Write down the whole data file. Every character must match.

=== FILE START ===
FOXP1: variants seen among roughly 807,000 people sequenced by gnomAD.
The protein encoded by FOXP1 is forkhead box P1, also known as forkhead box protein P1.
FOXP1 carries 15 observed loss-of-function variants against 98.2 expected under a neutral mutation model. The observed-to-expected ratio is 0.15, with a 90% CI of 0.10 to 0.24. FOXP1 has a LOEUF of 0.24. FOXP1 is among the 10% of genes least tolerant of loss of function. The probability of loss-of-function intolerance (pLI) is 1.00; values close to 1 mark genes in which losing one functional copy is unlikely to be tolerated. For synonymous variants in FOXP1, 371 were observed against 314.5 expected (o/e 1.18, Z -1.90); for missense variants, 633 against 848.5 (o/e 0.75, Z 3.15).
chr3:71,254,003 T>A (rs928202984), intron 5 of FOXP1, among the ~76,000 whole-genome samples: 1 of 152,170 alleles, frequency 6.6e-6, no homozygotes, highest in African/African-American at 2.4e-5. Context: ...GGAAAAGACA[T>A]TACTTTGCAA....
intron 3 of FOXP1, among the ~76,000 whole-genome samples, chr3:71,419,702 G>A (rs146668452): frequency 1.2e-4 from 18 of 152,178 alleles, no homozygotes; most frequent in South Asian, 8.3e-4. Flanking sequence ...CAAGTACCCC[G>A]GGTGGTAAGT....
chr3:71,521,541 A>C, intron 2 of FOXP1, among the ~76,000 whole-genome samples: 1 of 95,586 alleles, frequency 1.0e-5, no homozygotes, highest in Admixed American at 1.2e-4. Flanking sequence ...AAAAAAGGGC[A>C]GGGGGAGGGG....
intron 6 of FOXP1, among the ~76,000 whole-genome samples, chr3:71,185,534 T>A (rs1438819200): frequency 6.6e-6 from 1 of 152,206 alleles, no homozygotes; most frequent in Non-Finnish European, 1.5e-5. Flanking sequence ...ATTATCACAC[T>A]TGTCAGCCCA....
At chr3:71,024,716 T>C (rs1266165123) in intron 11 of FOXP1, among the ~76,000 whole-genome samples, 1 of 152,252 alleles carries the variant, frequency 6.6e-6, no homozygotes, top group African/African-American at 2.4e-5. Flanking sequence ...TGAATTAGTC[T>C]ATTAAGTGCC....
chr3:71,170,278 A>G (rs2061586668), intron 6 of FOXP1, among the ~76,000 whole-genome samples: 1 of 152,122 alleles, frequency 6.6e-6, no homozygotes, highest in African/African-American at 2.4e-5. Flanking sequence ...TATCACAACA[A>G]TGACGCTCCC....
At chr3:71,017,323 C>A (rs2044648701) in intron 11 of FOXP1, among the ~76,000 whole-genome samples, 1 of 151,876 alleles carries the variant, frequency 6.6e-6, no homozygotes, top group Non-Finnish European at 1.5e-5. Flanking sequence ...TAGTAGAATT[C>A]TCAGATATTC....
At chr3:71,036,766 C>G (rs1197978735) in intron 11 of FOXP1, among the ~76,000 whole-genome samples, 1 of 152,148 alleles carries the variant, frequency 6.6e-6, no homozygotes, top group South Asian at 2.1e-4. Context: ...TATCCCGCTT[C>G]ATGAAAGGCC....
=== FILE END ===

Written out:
FOXP1: variants seen among roughly 807,000 people sequenced by gnomAD.
The protein encoded by FOXP1 is forkhead box P1, also known as forkhead box protein P1.
FOXP1 carries 15 observed loss-of-function variants against 98.2 expected under a neutral mutation model. The observed-to-expected ratio is 0.15, with a 90% CI of 0.10 to 0.24. FOXP1 has a LOEUF of 0.24. FOXP1 is among the 10% of genes least tolerant of loss of function. The probability of loss-of-function intolerance (pLI) is 1.00; values close to 1 mark genes in which losing one functional copy is unlikely to be tolerated. For synonymous variants in FOXP1, 371 were observed against 314.5 expected (o/e 1.18, Z -1.90); for missense variants, 633 against 848.5 (o/e 0.75, Z 3.15).
chr3:71,254,003 T>A (rs928202984), intron 5 of FOXP1, among the ~76,000 whole-genome samples: 1 of 152,170 alleles, frequency 6.6e-6, no homozygotes, highest in African/African-American at 2.4e-5. Context: ...GGAAAAGACA[T>A]TACTTTGCAA....
intron 3 of FOXP1, among the ~76,000 whole-genome samples, chr3:71,419,702 G>A (rs146668452): frequency 1.2e-4 from 18 of 152,178 alleles, no homozygotes; most frequent in South Asian, 8.3e-4. Flanking sequence ...CAAGTACCCC[G>A]GGTGGTAAGT....
chr3:71,521,541 A>C, intron 2 of FOXP1, among the ~76,000 whole-genome samples: 1 of 95,586 alleles, frequency 1.0e-5, no homozygotes, highest in Admixed American at 1.2e-4. Flanking sequence ...AAAAAAGGGC[A>C]GGGGGAGGGG....
intron 6 of FOXP1, among the ~76,000 whole-genome samples, chr3:71,185,534 T>A (rs1438819200): frequency 6.6e-6 from 1 of 152,206 alleles, no homozygotes; most frequent in Non-Finnish European, 1.5e-5. Flanking sequence ...ATTATCACAC[T>A]TGTCAGCCCA....
At chr3:71,024,716 T>C (rs1266165123) in intron 11 of FOXP1, among the ~76,000 whole-genome samples, 1 of 152,252 alleles carries the variant, frequency 6.6e-6, no homozygotes, top group African/African-American at 2.4e-5. Flanking sequence ...TGAATTAGTC[T>C]ATTAAGTGCC....
chr3:71,170,278 A>G (rs2061586668), intron 6 of FOXP1, among the ~76,000 whole-genome samples: 1 of 152,122 alleles, frequency 6.6e-6, no homozygotes, highest in African/African-American at 2.4e-5. Flanking sequence ...TATCACAACA[A>G]TGACGCTCCC....
At chr3:71,017,323 C>A (rs2044648701) in intron 11 of FOXP1, among the ~76,000 whole-genome samples, 1 of 151,876 alleles carries the variant, frequency 6.6e-6, no homozygotes, top group Non-Finnish European at 1.5e-5. Flanking sequence ...TAGTAGAATT[C>A]TCAGATATTC....
At chr3:71,036,766 C>G (rs1197978735) in intron 11 of FOXP1, among the ~76,000 whole-genome samples, 1 of 152,148 alleles carries the variant, frequency 6.6e-6, no homozygotes, top group South Asian at 2.1e-4. Context: ...TATCCCGCTT[C>G]ATGAAAGGCC....